Toolbox Tuesday!!

“If the only tool you have is a hammer, you tend to see every problem as a nail.” Did you know that Abraham Maslow is the one who said that? I didn’t, but I’m delighted to upgrade the Daily Dawg with a citation to such a famous person. 

This familiar aphorism came to mind when I studied a federal court case in which the District of Columbia focused on a single tool with a student who was doing poorly in school.  Here’s a brief summary of the student’s experience in school:

*Middle school years: poor performance on state assessments, and in one year, failing six of eight classes.

*Freshman year at Roosevelt High School: four teachers expressed concerns over his poor performance and attendance problems.

*Sophomore year: failing seven of nine classes and unexcused absences 64 times in English, 65 in French. Behavioral problems also.

*Junior year: Failed every class and was absent 99 days. 

What did the school do about this?  It used the hammer of criminal proceedings over the student’s truancy. What did it not do?  It did not make a referral for special education testing. 

The federal court had little problem concluding that this was a Child Find violation:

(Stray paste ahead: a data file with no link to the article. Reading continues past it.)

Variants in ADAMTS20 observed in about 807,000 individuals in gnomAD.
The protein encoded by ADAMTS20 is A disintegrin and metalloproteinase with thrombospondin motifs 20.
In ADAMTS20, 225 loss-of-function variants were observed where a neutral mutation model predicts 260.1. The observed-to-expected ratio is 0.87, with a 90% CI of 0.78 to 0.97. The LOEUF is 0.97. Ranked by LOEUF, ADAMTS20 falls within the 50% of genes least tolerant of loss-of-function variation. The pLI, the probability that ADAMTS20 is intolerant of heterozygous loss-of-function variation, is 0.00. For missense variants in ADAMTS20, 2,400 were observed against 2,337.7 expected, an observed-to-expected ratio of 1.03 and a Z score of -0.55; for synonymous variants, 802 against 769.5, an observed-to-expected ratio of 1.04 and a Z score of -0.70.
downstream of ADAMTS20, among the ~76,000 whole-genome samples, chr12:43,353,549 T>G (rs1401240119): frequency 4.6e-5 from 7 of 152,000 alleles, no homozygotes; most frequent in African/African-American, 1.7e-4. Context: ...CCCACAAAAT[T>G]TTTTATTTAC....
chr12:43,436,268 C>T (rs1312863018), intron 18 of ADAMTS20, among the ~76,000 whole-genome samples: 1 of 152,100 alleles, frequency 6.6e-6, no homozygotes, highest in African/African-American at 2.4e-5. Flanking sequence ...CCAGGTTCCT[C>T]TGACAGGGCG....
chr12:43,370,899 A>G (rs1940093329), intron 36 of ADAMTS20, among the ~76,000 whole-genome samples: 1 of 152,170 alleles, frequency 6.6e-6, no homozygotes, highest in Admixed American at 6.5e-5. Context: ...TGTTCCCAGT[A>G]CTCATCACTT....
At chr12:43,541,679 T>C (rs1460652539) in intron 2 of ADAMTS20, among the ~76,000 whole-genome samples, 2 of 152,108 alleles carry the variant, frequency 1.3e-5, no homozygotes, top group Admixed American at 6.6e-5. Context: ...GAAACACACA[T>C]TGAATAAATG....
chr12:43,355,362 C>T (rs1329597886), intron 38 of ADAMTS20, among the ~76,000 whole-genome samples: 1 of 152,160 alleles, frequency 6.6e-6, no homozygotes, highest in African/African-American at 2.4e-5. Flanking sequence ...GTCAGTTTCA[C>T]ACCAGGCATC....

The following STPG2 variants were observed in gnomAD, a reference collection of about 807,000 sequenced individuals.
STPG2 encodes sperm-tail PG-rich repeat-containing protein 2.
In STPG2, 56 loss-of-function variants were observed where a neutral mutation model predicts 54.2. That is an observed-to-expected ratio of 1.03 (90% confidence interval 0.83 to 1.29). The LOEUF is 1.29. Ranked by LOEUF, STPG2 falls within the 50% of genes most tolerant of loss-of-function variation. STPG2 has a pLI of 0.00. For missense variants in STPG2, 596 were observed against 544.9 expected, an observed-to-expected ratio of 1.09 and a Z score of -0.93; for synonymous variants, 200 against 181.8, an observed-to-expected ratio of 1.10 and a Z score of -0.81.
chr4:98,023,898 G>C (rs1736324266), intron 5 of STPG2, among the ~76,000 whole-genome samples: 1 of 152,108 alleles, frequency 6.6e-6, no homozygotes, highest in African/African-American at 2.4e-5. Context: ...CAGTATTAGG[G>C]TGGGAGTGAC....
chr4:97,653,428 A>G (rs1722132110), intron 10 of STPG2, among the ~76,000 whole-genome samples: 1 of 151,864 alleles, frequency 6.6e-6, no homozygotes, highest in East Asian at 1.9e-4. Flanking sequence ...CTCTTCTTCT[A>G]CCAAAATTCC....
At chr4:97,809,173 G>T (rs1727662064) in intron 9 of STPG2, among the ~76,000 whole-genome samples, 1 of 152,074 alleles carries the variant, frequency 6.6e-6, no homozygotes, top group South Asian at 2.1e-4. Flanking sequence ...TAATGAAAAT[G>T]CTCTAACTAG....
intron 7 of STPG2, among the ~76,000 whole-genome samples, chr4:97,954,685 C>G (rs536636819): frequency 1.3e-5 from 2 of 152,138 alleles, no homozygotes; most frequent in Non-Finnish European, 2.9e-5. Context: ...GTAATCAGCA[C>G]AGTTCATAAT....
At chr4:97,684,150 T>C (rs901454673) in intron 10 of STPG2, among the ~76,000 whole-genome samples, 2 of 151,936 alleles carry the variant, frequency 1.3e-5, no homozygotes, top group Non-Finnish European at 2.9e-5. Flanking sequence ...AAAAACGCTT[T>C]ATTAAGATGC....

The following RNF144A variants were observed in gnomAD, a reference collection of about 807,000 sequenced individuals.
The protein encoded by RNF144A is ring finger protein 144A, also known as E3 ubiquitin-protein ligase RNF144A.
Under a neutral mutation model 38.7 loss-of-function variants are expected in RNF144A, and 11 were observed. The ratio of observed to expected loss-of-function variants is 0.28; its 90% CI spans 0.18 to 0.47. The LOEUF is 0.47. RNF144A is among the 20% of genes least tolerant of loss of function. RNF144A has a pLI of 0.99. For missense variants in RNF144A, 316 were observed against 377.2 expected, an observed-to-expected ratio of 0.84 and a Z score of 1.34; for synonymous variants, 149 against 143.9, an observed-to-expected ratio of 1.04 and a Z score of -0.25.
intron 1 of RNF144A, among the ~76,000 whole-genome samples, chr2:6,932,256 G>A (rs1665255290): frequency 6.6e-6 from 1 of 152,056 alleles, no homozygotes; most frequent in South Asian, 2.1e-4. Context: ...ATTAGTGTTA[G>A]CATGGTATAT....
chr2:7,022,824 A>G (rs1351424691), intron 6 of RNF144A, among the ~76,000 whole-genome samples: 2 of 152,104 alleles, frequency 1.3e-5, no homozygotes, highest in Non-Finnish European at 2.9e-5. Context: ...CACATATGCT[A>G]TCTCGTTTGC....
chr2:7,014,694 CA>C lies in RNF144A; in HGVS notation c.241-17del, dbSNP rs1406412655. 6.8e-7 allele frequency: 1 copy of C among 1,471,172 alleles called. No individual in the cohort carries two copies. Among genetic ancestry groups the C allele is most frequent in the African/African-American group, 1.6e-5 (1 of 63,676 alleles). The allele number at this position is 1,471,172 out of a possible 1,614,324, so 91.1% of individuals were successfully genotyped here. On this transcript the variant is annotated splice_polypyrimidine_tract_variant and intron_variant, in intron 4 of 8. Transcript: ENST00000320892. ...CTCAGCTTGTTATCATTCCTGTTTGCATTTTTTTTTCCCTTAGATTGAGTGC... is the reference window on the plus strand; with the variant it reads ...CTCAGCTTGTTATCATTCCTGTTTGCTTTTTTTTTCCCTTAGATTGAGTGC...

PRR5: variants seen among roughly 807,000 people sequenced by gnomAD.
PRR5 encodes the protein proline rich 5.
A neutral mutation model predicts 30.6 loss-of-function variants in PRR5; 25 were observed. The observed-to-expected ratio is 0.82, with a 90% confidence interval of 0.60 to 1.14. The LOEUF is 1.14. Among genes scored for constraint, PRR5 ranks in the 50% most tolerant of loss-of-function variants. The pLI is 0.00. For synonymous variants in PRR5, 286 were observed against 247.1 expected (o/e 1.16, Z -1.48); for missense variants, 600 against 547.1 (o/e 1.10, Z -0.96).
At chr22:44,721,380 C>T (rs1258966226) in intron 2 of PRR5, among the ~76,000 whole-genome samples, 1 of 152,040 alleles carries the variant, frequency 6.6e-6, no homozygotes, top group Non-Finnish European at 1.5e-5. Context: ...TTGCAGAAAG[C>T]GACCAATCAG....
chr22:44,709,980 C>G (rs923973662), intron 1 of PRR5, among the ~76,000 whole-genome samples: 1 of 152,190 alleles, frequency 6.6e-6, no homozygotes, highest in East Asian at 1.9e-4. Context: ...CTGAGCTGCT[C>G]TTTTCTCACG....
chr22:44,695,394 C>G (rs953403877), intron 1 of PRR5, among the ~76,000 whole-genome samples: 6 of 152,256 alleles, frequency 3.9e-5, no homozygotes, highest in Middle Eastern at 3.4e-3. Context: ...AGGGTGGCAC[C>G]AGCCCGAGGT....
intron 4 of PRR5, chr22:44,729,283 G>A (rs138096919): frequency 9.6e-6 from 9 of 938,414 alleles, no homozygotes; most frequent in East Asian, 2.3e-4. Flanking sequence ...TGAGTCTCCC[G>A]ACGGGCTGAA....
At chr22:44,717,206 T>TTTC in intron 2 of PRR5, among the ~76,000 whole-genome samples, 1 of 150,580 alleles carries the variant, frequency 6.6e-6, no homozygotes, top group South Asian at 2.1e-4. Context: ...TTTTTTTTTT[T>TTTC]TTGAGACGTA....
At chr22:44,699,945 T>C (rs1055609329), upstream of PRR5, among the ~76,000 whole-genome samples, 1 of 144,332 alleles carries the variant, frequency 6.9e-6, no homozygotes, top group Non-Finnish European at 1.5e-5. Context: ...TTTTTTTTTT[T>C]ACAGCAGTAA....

Despite C.E.’s increasingly poor academic performance, his teachers’ comments about his learning and behavioral struggles, and his abysmal attendance record from 2017-20, neither Roosevelt nor DCPS identified him as a student with even a “suspected” disability worthy of exploration.

In our firm’s Toolbox Training we focus on how to serve those students who are already identified as needing special education. Today, a reminder that the duty to refer is triggered by a “suspicion.”  When you see a student over this long a period of time performing this poorly, it’s a mistake to chalk it all up to truancy without exploring other possibilities. It’s a mistake to use the hammer of truancy when there are more useful tools available. 

This one is Malloy v District of Columbia, decided by the federal court for the District of Columbia on March 30, 2022. It’s published by Special Educator at 80 IDELR 242. 


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Tomorrow: another Circuit Court on parents’ rights….